Not much later, Brenda was introduced to crack and said she honestly feels that the first time she tried it, she was addicted and her life only spiraled downhill from there. She had moved into her own apartment but because of the drugs she was continually moving back in and out of her parents house because of not paying rent. “It got to the point in my life where i would get high, and I remember going to the dope house and staying there until it was time for me to go to work again,” she said. “Never changing my clothes, just getting high all night long, not even realizing time going by.”
Crime came into the picture to help pay for her habit, shop lifting, committing forgery, selling drugs, doing drugs and hanging out with wrong crowd all led to a move from Flagstaff to Phoenix with a couple of drug dealer whose plan was to do a credit card scam. Three days after moving here, one of the drug dealers Brenda arrived with was murdered, supposedly over five dollars. Three weeks after that, Brenda was shot in a drive by shooting with the brother of the baseline rapist. “I was shot in the drive by and hit in the ankle, where I’ve had 11 operations, reconstructive surgery and plastic surgery,” she said. “It took me a year to learn how to walk again; I went from hospital to a rehab facility and when I left there, after months of learning how to walk again, I went back down to that war zone and continued to get high.” At one point Brenda was even stabbed in the back with a broken beer bottle simply because she was at the wrong place at the wrong time. She was burned with cigarettes on numerous occasions because she took drugs from dealers but couldn’t pay them, she was beat, raped, and even attempted suicide.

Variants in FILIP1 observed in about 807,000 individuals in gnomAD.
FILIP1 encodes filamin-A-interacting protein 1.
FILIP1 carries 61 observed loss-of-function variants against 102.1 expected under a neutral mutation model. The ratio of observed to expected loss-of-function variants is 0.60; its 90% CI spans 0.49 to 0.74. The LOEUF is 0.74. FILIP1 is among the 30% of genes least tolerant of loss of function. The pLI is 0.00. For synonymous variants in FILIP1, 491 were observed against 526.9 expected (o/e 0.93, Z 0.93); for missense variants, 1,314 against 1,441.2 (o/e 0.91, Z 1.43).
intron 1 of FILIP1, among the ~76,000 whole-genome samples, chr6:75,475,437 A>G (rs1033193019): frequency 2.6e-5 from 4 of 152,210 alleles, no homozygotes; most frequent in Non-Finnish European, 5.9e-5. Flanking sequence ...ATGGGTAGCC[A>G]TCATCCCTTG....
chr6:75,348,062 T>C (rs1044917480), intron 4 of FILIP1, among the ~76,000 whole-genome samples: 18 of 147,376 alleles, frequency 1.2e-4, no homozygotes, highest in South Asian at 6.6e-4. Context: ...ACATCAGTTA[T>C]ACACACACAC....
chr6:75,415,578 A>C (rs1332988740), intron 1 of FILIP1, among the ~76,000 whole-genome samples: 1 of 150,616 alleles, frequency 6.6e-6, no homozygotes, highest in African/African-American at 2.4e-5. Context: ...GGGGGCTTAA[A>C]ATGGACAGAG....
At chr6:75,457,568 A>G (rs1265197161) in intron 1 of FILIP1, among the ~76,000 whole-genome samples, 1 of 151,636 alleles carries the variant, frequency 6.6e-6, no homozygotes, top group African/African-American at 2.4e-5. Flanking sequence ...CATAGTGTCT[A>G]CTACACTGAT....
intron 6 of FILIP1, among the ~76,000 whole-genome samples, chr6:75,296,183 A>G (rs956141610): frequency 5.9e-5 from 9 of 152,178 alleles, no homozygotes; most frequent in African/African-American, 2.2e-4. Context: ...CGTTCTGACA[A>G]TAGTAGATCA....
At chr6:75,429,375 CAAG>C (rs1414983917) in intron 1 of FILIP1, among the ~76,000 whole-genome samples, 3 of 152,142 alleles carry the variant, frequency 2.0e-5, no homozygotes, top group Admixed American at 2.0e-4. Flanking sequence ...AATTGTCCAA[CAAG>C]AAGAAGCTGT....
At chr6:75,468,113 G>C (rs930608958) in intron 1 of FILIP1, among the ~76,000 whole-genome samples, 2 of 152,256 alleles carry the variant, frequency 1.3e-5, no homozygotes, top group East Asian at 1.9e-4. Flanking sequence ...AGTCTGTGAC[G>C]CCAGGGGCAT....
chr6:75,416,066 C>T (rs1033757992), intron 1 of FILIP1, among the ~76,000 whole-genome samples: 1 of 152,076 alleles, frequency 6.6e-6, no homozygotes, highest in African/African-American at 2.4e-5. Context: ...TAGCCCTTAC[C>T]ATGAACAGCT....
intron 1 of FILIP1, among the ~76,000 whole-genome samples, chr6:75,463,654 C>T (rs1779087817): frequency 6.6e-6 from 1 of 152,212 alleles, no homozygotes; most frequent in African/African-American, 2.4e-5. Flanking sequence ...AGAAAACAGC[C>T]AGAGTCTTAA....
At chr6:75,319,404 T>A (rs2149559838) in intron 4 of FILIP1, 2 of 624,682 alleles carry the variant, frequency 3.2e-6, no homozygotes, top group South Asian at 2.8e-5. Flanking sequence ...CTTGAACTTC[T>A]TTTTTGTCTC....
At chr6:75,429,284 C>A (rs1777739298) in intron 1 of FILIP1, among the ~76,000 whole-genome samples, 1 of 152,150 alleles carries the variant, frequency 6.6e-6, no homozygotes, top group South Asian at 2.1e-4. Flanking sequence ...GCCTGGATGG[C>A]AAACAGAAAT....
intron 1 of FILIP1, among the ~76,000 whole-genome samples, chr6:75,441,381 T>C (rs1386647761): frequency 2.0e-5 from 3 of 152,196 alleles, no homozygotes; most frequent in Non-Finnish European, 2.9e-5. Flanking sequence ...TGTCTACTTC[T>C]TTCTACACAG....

She said her life changed ironically when she passed out in a hotel and woke up the next day in an alley, on a dirty couch, with no shoes. The alley was covered in broken glass and she was forced to walk through barefoot. Once out of the alley, she turned to God and asked what to do, she was ready to be done with the drugs. Brenda turned herself in – there was a warrant out for her arrest – and the probation officer would not sign the warrant, instead she gave her a reference book where she chose the Center for Healing, a place she could go to get clean. She went and hated it, but they gave her food, clothes an ID, she said, “They all seemed happy and at peace and I didn’t have either one so, whatever they told me to do, I did without fail, and a year later I was clean.”